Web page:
Sorry to burst any bubbles, but Congress has not revamped the US tax code and done away with the necessity of paying the nanny tax and other household employer payroll taxes. That doesn’t seem likely to happen anytime soon, so get used to the joys of managing payroll taxes each every year. Here are some things you need to watch out for in 2014:
New Nanny Tax Wage Threshold
In 2013, household employers were subject to federal nanny/payroll taxes if they paid wages of $1,800 or more to their nanny. In 2014, that wage limit has increased to $1,900. It is important to note that this $1,900 threshold is for federal taxes such as social security. Each state also has their own wage threshold for when a household employer is subject to State nanny taxes like unemployment insurance. Check out our State Nanny Tax page for more details on individual states.
The Impact of the Affordable Care Act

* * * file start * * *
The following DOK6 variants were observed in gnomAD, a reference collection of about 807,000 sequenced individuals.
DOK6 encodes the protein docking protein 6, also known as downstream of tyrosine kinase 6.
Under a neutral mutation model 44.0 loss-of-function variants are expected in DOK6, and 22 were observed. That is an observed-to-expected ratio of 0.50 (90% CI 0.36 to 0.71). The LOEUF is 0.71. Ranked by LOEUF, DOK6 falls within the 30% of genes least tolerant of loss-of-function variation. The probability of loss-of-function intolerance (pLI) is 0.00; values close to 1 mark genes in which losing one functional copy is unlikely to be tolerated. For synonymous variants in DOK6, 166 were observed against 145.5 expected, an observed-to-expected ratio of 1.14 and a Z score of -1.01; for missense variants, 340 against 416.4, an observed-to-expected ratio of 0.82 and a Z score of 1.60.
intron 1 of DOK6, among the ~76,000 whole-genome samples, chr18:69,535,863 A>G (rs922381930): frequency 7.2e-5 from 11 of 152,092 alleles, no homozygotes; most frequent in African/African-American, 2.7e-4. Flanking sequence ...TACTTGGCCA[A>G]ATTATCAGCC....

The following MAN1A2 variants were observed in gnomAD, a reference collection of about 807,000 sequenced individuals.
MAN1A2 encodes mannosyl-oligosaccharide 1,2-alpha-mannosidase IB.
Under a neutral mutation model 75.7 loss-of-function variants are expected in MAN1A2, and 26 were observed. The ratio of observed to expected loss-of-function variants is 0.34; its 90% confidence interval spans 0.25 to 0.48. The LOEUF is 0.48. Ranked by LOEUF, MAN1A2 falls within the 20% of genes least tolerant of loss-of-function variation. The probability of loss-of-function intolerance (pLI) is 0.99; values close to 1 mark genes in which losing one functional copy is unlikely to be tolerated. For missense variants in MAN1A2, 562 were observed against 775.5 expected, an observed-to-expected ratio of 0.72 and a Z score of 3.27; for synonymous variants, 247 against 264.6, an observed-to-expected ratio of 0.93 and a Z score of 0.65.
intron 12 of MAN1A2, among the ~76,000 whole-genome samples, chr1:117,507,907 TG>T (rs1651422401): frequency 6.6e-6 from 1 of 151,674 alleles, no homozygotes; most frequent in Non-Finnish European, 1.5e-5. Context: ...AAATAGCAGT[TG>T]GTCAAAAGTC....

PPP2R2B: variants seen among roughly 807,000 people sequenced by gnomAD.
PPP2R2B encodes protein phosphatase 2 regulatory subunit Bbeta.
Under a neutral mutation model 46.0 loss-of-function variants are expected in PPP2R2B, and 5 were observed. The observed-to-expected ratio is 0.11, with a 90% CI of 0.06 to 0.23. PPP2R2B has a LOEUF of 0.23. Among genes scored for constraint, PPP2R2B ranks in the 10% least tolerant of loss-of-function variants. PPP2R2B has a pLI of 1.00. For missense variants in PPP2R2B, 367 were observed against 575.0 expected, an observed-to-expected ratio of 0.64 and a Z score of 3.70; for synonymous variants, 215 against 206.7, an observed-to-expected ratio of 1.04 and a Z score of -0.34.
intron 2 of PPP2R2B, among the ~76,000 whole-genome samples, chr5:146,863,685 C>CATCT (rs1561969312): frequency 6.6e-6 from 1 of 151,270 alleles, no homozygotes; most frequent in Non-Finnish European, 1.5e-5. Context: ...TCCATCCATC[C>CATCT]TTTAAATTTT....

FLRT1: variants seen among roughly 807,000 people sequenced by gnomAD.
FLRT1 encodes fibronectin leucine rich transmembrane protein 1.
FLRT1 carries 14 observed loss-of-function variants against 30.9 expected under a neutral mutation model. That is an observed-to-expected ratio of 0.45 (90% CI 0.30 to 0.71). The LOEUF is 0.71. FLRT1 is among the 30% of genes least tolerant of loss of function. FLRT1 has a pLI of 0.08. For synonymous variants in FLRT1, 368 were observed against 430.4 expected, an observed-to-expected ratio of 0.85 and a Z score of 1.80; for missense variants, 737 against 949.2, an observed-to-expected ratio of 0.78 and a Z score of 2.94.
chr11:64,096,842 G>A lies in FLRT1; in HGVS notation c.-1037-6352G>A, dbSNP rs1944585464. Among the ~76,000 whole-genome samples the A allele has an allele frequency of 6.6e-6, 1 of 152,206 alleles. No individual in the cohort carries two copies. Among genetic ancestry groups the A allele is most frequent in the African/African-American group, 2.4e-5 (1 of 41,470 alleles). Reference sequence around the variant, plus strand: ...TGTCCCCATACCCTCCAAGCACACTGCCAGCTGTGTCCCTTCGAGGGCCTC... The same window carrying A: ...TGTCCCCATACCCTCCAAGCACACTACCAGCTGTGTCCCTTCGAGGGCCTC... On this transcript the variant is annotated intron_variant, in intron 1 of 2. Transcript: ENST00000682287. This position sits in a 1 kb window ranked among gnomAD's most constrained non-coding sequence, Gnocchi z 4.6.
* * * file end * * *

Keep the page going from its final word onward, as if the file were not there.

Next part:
The Patient Protection and Affordable Care Act, also known as Obamacare, has been in the news for years, but the laws biggest requirements are just starting to go into effect. Here’s what it means for you and your nanny:
- As a household employer, you are not required to provide health insurance to your nanny.
- However, you are now required to provide written notice to your nanny regarding the new health insurance marketplaces. Use this form if you will NOT be providing insurance. This is the notice if you WILL be providing insurance.
- If you do decide to contribute 50% or more of your nanny’s health insurance premium, then you may be eligible for employer tax credits. These details are still being worked out. You can find out more information from the Small Business Health Options Program website or call 1-800-706-7893.
Nannies and other household employees
- Nannies (and everyone else in the United States) are required to obtain health insurance by March 31st, 2014 or be subject to the Individual Mandate Excise Tax.
As more information becomes available, we’ll continue to keep everyone updated.